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Special Relativity tells us that the faster a clock moves the slower it ticks.  Originally this was understood to mean that time was physically running slower for moving clocks than for clocks that were at rest.  But it also bought about some confusion because, since velocity is relative, it required that ‘at rest’ clocks would also have to be physically running slower than the ‘moving’ clocks.

To overcome this problem, some theorists decided that time dilation was not something physical or actual, but something apparent – in that each clocks would ‘see’, ‘observe’, or ‘measure’ the other to be running slower than itself.

This newer interpretation evokes an issue with the Twins Paradox story.  In this story, a space traveller makes a round-trip journey at high speed and returns home to find, for example, his twin had aged eleven years while he, the ‘traveller’, aged only one.  So under this new interpretation of Relativity, does this mean that the ‘home twin’ is actually ten years older or does he just appear to be ten years older?  Or does each twin ‘see’ the other as being ten years older while physically being an identical age?

Rather than answer that, let us instead modify the scenario so that the calculated difference between them becomes 200 years.  As nobody can live that long it stands to reason that one or both of them would have to be dead.  In this new scenario then, which of the following best describes the situation when the twins finally reunite:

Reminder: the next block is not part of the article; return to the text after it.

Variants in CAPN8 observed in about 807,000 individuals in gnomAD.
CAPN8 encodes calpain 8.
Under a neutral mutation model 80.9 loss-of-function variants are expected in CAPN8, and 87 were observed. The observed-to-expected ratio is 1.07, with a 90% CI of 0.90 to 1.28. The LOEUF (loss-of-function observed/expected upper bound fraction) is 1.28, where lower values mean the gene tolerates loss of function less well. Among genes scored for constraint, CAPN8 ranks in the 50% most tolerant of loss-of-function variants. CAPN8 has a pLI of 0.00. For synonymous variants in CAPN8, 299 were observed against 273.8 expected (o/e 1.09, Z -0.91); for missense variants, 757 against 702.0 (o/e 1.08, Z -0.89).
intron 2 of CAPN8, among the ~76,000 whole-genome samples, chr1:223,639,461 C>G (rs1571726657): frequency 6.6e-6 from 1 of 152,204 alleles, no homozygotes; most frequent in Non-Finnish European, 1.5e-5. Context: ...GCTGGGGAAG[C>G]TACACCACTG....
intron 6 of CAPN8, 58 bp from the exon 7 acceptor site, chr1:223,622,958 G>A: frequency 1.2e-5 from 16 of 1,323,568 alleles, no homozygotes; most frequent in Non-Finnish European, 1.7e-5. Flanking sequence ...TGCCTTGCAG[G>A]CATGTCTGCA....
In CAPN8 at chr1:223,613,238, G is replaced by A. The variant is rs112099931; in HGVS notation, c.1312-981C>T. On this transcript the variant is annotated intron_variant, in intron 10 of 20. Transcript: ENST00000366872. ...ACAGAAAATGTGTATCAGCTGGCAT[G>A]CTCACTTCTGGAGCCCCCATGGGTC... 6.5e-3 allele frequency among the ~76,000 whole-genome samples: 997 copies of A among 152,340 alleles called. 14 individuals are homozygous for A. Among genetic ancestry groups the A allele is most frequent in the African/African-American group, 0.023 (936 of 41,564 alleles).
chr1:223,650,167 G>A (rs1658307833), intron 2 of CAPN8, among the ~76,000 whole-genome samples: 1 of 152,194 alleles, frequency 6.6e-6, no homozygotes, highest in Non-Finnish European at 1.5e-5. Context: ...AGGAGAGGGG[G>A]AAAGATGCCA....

A. The home twin will be dead.

B. The travelling twin will be dead.

C. The home twin won’t be dead but the travelling twin will see home twin as dead.

D. The travelling twin won’t be dead but the home twin will see travelling twin as dead.

E. Both twins will be alive but each will see the other as dead.

F. Both twins will be dead but each will see the other as alive.

G. It won’t be possible for them to determine which of them is dead because, due to the kinematics of spacetime and their long separation, they will be unable to agree on a shared reference frame or on a definition of relative simultaneity.  If such an experiment were to take place we would expect both twins to be alive, although each might measure themselves as being dead, and the reasons for this should be found in Einstein’s 1916 paper.

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This essay was inspired by the site TwinParadox.net, in which a group of relativity experts were asked to say where in the Twins’ journey their age difference accumulates.  The above answer G was adapted from their amusing responses.